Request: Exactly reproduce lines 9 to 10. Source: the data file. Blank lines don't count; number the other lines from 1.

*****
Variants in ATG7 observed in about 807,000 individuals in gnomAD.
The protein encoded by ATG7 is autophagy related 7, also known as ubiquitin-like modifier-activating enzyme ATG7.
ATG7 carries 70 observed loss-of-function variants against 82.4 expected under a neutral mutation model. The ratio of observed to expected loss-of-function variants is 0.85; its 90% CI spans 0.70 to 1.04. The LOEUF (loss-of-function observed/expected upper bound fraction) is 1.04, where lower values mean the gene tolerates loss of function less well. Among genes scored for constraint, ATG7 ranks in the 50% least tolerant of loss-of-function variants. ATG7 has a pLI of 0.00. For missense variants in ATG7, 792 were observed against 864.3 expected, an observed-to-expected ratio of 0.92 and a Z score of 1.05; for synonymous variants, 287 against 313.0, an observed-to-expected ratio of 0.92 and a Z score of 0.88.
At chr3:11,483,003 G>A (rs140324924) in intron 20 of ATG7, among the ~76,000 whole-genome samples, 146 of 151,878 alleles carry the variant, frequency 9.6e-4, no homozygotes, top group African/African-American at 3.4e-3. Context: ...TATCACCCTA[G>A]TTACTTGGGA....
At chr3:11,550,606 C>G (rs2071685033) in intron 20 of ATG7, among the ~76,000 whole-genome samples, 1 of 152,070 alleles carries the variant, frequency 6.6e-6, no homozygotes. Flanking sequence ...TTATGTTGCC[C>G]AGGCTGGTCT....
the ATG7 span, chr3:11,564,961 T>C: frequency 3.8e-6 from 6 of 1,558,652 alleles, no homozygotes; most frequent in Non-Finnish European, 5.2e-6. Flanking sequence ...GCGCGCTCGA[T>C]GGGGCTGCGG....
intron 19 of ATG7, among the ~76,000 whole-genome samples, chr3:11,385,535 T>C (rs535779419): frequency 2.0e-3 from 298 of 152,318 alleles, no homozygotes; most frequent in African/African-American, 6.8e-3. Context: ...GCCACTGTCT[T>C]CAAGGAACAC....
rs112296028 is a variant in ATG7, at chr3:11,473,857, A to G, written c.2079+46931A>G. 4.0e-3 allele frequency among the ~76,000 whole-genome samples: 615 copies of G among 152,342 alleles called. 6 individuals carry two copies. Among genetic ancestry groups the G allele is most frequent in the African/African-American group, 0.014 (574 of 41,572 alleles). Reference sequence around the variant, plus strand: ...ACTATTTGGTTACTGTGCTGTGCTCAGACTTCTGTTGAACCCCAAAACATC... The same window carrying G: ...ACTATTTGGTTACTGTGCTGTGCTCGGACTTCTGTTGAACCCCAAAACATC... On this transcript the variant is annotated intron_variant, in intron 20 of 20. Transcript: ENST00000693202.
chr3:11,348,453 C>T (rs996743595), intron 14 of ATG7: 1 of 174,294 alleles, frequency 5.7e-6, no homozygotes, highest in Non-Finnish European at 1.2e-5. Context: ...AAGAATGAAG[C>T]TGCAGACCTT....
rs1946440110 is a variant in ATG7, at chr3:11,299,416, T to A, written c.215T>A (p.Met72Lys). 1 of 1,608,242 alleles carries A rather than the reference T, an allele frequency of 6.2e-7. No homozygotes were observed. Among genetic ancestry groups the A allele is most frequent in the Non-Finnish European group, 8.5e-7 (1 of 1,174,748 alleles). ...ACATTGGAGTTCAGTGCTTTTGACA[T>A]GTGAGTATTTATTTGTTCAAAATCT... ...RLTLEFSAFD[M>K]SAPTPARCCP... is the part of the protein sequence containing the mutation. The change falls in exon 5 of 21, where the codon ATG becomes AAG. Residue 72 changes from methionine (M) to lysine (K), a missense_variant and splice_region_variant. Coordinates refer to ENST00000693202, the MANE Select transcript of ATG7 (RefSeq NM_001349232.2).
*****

chr3:11,348,453 C>T (rs996743595), intron 14 of ATG7: 1 of 174,294 alleles, frequency 5.7e-6, no homozygotes, highest in Non-Finnish European at 1.2e-5. Context: ...AAGAATGAAG[C>T]TGCAGACCTT....
rs1946440110 is a variant in ATG7, at chr3:11,299,416, T to A, written c.215T>A (p.Met72Lys). 1 of 1,608,242 alleles carries A rather than the reference T, an allele frequency of 6.2e-7. No homozygotes were observed. Among genetic ancestry groups the A allele is most frequent in the Non-Finnish European group, 8.5e-7 (1 of 1,174,748 alleles). ...ACATTGGAGTTCAGTGCTTTTGACA[T>A]GTGAGTATTTATTTGTTCAAAATCT... ...RLTLEFSAFD[M>K]SAPTPARCCP... is the part of the protein sequence containing the mutation. The change falls in exon 5 of 21, where the codon ATG becomes AAG. Residue 72 changes from methionine (M) to lysine (K), a missense_variant and splice_region_variant. Coordinates refer to ENST00000693202, the MANE Select transcript of ATG7 (RefSeq NM_001349232.2).